Ambrosia Salad

It’s Australia Day tomorrow and these days the concept of Australia Day is – to me and many other Australians – a complicated and conflicted one…so we’re not going to talk about that.

Anyways, given that this is a politics-free site, and given that it was my Mother’s birthday just 2 days ago, I want to chat about a classic Aussie dessert. I use the term “classic” in its loosest possible reference – in that it’s been around for a while. I also use the term “Aussie” loosely as (ahem) extensive research on the subject has taught me that this particular recipe probably has its origins in the southern states of the US. I like to imagine it was picked up by the Australian Woman’s Weekly in the 60’s as being seriously exotic and a dessert that could proudly take its place on the buffet table of the hostess with the mostest – right beside the punchbowl.

I know what you’re thinking: not another variation on the lamington, the iced vovo or the pavlova – or even the iced vovo lamington. No, this is pure Aussie 60s/70s kitsch – and it was the height of hostessing fashion for a time. From the same decades that brought us devon slices filled with potato salad and skewered with a toothpick, little toast boats filled with creamed corn, vanilla slice made with sao biscuits, and tablecloths decorated with hobbytex, I bring you…ambrosia salad – a sickeningly sweet pina colada in dessert form.

I can still see Mum preparing this dessert at our red brick house in Carlingford in suburban Sydney when I was a kid. At one point she had four of us under seven (I was the eldest), so I imagine anything that was quick and easy would have been at the top of her list. Ambrosia salad requires no cooking (so no need to turn the oven on and heat the house up), has no fiddly icing or fancy ingredients, no complicated processes, and can be served in the same bowl it’s prepared in – so no extra washing up. It’s no wonder that it was Mum’s go-to dessert for so many years.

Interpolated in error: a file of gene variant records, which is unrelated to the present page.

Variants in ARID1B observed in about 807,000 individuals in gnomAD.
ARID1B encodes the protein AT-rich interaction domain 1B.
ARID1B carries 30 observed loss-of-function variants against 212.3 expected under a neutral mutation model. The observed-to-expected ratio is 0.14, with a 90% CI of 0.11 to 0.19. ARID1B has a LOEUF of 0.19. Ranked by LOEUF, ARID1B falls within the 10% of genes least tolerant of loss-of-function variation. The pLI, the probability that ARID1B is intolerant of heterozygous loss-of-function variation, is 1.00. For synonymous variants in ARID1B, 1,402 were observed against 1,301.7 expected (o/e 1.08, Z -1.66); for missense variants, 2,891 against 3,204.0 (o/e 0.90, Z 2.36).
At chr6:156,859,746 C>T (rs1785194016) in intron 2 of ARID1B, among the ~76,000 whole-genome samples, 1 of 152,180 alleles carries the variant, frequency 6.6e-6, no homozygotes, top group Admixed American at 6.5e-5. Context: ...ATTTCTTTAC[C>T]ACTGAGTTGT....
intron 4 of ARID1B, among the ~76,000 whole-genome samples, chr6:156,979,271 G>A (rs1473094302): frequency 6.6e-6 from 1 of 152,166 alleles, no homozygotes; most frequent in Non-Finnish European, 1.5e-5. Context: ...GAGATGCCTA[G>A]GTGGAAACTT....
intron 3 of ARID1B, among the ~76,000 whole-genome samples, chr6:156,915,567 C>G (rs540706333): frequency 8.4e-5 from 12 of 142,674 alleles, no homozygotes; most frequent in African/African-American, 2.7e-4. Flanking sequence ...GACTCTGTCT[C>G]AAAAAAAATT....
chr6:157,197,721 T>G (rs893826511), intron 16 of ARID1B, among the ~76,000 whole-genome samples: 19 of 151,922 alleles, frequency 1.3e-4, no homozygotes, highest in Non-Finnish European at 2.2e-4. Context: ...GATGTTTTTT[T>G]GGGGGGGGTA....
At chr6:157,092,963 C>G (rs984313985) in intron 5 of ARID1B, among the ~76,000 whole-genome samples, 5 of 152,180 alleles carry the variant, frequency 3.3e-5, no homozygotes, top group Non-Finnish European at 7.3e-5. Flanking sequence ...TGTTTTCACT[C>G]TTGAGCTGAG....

a pic of Mum and me – when I was at my most photogenic

Of course, Mum didn’t call it ambrosia salad. To her, it was (and still is) Five Cup Salad – because that’s what the recipe was:

  • 1 cup marshmallows
  • 1 cup desiccated coconut
  • 1 cup (canned) pineapple pieces
  • 1 cup (canned) mandarin pieces
  • 1 cup sour cream

It’s all then mixed together and popped on the table as is.

I remember thinking that it looked a little bit like…well, let’s not go there. The pic below will give you an idea – although Mum doesn’t put glace cherries on or in hers (thank goodness for small mercies).

A random pic I found of someone else’s ambrosia salad

In the interest of full disclosure, I don’t enjoy it – it’s way too sweet for me and I really dislike the texture – but kids love it and it still brings a smile to my face when I see it. It’s as much a part of my childhood as Mum rocking a bikini with a book in hand (which she still does at 76), Dad watching the cricket (and listening to it on the radio at the same time), and sao biscuits for afternoon tea. (Thanks to my sister for those words…)

Although I wasn’t there for her birthday dinner on Tuesday evening, Mum put together a five cup salad for the occasion. In deference to the season, she used mango instead of mandarin. Very enterprising of her.

Have you ever had (or heard of) ambrosia salad?

It’s Lovin’ Life Linky time…

It’s Thursday, so it’s time to look for our happy and share it about a bit. The Lovin’ Life Linky is brought to you by Team Lovin’ Life: Deep Fried Fruit, DebbishSeize the Day ProjectWrite of the Middle50 Shades of Age,  and, of course, me.

13 Replies to “Ambrosia Salad”

    1. Not mine either…my nephew – who is at boarding school & has Mystery Meat Mondays – thought it was alright…the kids love it.

  1. A very nostalgic post Jo. Don’t you love some of the concoctions that our Mum’s came up with in the 60s? I remember tomato & onion salad drenched in vinegar and traditional potato salad with home-made mayonnaise dressing. They were such simple times. Happy Birthday to your Mum.

  2. My mother in law made this salad for my family several years ago when we visited her place up the coast for a family holiday! It wasn’t very popular even with the kids who all thought it was way too sweet. The problem was because we were staying at her home for a week each night she’d try to re-offer us the left overs of this salad.

    I can’t remember what she called the salad but it wasn’t ‘ambrosia salad’.


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